Labels that disable – meeting the complex needs of children in residential care

Janet Rich – independent child care consultant, August 2009

This paper is a practice based viewpoint grounded in the learning gained by the author from twenty years of delivering residential services to young people commonly regarded as ‘difficult to place’ or labelled as having ‘complex needs’. The main arguments presented are that residential care has a unique and valuable role to play in providing stable care and treatment options for some children and young people in care, especially those regarded as ‘complex’ and that it is often not the children themselves who are ‘difficult to place’, but the system which makes it difficult for children to sustain placements by placing them inappropriately. Finally there are questions that need to be answered about how we find the ‘best’ form of care and treatment for these ‘complex’ children.

These themes are addressed by looking at four questions:

  • What is the role of residential care?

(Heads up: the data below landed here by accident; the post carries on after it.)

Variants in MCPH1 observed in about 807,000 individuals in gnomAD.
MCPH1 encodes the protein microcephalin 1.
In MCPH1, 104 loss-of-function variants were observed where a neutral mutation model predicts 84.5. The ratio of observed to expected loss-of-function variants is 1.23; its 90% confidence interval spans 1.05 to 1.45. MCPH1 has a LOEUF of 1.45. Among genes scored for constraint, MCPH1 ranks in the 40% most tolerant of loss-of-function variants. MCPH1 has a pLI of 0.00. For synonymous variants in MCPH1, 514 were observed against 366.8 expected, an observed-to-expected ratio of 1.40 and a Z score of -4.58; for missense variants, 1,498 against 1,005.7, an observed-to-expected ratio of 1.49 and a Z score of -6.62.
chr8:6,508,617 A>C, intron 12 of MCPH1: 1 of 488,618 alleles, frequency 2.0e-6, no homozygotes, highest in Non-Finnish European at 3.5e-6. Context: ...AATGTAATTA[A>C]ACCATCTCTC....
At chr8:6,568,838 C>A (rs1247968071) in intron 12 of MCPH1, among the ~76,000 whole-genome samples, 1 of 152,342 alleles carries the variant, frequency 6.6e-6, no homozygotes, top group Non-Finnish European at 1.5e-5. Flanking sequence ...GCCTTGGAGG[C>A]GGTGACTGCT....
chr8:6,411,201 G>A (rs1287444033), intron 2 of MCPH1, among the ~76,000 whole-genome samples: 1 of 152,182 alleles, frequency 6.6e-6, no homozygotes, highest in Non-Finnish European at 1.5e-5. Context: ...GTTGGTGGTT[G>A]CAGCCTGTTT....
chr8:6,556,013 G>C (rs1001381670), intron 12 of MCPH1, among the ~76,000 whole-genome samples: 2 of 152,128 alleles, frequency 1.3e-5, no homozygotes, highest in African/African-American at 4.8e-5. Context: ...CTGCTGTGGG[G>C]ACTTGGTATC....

• How can residential care meet the needs of children with complex problems?
  • How do we measure outcomes for complex children in residential care?
  • What should the relationships be between mental health and residential care services to maximise benefits to young people?

Read on at Source: ep14-labels-that-disable-meeting-the-complex-needs-of-children-in-residential-care-janet-rich-pdf-430122925

Published by Residential Forum

The Residential Forum is to promote the achievement of high standards of care and support for children and adults living in residential care and nursing homes, supported housing, residential schools and colleges, hospices and hostels. It contributes to improving the quality of service to the public. Members of the Forum are people of standing and experience drawn from the public, private and voluntary sectors, as well as some who can speak for service users and carers.

Leave a Reply

Fill in your details below or click an icon to log in:

WordPress.com Logo

You are commenting using your WordPress.com account. Log Out /  Change )

Google photo

You are commenting using your Google account. Log Out /  Change )

Twitter picture

You are commenting using your Twitter account. Log Out /  Change )

Facebook photo

You are commenting using your Facebook account. Log Out /  Change )

Connecting to %s

%d bloggers like this: